As Bees To Honey Drawn
Do I REALLY need to tell you why you should go see --
If you're familiar with the dense, chewy, polyphonic sounds of "Awesome", then clearly you shouldn't need any prompting. If you've never seen this septet of highly skilled, imaginative, and eclectic performers, then you really owe it to yourself to go find out why this band is causing such a stir around these parts.
I've previously gushed ebullently about these boys, but the truth is, every time I see them perform, they just get better and better. In "noSIGNAL" the harmonies are richer; the blending of instrumentations more subtle and dreamlike; and always their amazing ability to weave seemingly random bits of ephemera into something not completely coherent on a conscious level, but which nevertheless resonates deep inside you, like the pure vibration of a quantum string struck in the heart of a supernova a thousand light-years away.
"noSIGNAL" differs from their previous work, "Delaware" both in terms of its structure (there being somewhat more of a throughline, if not exactly an actual plot), and in its development of thematic explorations: Bees, computer operating systems and the hivelike activity of corporate drones figures prominently, as does the notion of how individuals respond to a new environment when cut loose from the comfort and security of the collective.
While it's never easy to say just exactly what an "Awesome" production is about, the closest metaphor I was able to come up with after seeing the show last night was that of an all-you-can eat banquet served up by a four-star chef: you can pig out to your hearts content, if that's your desire, or, you can choose to sample small portions, savoring each morsel. But either way, you will end the meal feeling satisfied. It's a rare thing indeed to walk out of a performance and feel that sense of having been more energized than when you walked in, and realizing that every other member of the audience feels exactly the same way.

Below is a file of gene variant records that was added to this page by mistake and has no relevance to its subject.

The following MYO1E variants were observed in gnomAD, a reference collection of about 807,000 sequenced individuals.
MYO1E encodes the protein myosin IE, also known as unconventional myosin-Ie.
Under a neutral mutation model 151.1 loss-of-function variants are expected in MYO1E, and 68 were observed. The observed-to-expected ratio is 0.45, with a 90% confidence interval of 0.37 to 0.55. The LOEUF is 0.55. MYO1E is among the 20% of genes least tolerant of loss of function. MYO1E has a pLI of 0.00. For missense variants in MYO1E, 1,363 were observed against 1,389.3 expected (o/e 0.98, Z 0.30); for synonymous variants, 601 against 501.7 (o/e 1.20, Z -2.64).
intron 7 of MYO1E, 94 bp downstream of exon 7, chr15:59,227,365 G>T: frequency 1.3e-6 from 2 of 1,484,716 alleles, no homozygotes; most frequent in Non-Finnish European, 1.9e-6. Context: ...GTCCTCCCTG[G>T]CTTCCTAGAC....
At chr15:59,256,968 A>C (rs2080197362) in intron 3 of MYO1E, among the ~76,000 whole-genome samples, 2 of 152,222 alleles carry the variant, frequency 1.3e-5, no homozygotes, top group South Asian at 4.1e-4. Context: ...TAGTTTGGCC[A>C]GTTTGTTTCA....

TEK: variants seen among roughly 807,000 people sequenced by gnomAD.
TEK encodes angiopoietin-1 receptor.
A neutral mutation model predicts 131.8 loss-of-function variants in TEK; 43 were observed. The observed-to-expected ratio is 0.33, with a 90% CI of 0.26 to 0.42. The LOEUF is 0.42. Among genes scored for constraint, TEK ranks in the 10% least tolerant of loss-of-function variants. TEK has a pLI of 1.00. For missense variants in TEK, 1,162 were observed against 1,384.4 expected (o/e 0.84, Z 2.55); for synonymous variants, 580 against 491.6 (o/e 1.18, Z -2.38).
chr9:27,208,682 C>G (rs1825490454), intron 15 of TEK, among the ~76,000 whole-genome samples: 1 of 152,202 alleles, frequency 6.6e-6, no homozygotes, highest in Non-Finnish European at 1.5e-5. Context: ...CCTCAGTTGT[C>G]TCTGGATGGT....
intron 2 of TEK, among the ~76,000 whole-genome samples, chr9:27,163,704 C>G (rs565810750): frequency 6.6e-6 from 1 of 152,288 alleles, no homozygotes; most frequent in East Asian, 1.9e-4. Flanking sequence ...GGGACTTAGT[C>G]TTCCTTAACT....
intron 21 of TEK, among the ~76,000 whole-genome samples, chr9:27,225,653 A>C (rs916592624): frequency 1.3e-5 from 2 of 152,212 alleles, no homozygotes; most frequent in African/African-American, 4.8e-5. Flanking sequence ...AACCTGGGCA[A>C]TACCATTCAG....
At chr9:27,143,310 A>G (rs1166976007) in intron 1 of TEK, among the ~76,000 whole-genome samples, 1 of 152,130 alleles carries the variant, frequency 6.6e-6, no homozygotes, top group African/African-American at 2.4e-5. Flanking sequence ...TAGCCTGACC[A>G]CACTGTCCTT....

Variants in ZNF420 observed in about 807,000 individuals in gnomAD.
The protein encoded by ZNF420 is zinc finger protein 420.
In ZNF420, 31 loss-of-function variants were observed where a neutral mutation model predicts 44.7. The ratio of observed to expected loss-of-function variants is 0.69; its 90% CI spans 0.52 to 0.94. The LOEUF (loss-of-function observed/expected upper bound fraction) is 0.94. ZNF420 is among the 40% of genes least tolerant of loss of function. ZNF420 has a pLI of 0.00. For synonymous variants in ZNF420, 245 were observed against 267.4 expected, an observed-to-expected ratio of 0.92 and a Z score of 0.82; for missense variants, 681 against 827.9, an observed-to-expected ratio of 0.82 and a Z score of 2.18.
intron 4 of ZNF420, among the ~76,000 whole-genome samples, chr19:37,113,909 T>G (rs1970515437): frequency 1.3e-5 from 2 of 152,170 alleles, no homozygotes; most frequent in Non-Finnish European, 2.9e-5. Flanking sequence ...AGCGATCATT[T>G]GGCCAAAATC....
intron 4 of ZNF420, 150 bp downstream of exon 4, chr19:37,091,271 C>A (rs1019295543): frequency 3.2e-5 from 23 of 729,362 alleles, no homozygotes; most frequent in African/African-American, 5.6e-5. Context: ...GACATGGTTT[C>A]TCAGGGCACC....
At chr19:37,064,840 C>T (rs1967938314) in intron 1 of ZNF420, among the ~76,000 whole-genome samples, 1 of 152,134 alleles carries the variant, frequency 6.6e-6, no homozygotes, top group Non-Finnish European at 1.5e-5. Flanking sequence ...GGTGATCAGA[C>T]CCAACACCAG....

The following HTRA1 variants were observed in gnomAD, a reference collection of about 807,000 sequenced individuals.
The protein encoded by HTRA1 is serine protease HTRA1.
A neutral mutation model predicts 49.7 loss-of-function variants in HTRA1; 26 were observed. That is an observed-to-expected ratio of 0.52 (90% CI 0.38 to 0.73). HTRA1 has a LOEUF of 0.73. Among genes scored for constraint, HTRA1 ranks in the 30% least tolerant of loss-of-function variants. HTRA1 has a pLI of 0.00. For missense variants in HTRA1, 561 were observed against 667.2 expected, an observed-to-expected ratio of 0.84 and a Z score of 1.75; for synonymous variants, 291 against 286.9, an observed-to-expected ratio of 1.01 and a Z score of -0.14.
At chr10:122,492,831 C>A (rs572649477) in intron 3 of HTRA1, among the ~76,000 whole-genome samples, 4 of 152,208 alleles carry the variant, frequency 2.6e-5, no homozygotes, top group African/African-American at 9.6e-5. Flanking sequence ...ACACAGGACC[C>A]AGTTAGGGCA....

There's so much density to the production that people are naturally going to experience it based on how much they can observe or absorb; and whether that's a little (as in the case of the 50 or so Moses Lake High School students attending last night), or a lot, (those of us who've previously been fully immersed in "Awesome"'s musical, verbal and visual psychedelia), you're guaranteed to come away feeling you've just experienced something both satisfying and wonderful.
on 9:45 AM